As I was doing some of that thinking about the rhythm of this week and what today means, it occurred to me that my years as a chaplain, specifically as a hospice chaplain, taught me a lot, and that I knew, but one of the things I learned from that time is that for a great number of people, perhaps the majority of the people with whom I worked, the hardest day was not the day a loved one died.  The hardest day was after you slept and you woke up realizing that life as you knew it was forever changed.  This was the day you needed to start living your life without a person who was important to you, whether you loved and were loved well and joyfully, or whether it was a challenging and fraught relationship.  This was the day you woke up and had to live the changed life.

When I think about Mary, Mary Magdalene, and Joseph of Arimithea (and others depending upon the Gospel you read) who go to bed on the Good Friday and wake up the next morning and this man for whom they risked their safety, this man about whom it has become crystal clear that his message of hope and salvation and love and inclusion and all of things Jesus was and stood for was dangerous, exceedingly dangerous.  It was as dangerous as being an insurrectionist and murder, as was Barrabas, who was supposed to hang on a cross but doesn’t, who was freed just before Jesus went to the cross.  They have devoted part of their lives at least, the fullness of their lives I would guess, to be pretty public about their belief in Jesus, who he is, and what his life and his ministry means to the world, or at least their little corner of the world.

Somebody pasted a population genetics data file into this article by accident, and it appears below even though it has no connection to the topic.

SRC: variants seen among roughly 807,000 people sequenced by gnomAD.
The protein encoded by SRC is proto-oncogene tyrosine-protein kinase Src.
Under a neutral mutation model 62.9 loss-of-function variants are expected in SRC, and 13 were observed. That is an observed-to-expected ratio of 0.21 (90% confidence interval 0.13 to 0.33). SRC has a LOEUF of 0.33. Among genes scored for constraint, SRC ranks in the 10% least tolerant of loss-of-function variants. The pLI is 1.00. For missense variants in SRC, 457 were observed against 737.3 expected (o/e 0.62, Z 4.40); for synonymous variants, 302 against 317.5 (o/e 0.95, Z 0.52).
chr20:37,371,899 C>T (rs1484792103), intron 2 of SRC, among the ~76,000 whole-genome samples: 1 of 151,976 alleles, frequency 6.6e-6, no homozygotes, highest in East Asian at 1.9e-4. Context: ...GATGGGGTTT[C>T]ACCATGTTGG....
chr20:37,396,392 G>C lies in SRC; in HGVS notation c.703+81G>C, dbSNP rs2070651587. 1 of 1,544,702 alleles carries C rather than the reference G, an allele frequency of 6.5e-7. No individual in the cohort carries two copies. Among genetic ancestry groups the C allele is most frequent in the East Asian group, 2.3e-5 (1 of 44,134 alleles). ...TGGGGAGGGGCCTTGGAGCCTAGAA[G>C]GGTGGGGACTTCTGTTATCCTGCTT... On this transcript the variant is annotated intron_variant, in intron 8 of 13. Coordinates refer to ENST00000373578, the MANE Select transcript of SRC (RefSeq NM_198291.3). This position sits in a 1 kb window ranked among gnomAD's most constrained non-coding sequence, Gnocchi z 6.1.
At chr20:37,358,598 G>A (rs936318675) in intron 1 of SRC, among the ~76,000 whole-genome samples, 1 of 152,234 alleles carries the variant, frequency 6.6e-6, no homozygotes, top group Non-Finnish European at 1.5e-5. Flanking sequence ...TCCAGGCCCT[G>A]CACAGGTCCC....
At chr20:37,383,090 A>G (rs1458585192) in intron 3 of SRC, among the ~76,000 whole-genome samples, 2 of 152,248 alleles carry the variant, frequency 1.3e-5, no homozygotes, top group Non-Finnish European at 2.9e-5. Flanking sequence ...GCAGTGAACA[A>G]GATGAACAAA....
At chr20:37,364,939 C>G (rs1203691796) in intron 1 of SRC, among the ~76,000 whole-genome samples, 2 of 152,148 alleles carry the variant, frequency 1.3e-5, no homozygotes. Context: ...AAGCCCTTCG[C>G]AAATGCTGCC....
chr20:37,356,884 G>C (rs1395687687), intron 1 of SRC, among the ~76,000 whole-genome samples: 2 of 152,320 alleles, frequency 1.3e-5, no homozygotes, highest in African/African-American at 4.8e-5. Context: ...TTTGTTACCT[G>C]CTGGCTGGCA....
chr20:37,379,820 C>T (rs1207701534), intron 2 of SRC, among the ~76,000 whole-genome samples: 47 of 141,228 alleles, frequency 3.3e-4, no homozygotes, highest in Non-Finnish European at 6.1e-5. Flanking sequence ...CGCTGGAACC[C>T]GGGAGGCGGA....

Wow!  What a day today must have been.  He’s gone.  You’ve lost this person that you’ve loved.  Your mentor.  Your rabbi.  Your friend.  You’ve lost the person you believed was the Messiah, the one who was going come and bring to fulfillment the promises and covenants with God.  And you have to live this day also knowing that it was dangerous to be Jesus and by extension it is dangerous to live your life as a follower of Jesus, and yet they do.

We have the benefit of these many years of knowing that this statement that Jesus made that he was going to rise again on the third day was more than just bravado, was more than just a way of saying, “You think you can kill me.  You think you can quash these dreams.  You think that this rebellion and this revolution can be stopped, but I’m going to tell you that’s not true.”  We know it was more than that.  We know that this tomb they were envisioning, that perhaps they were visiting on this day, would be empty.  But they didn’t know it.  They had to plan for what life would be like without him.  And given their devotion to him, I imagine that they were having to think about living without him as they tried to their best to live their lives as he would have them to live.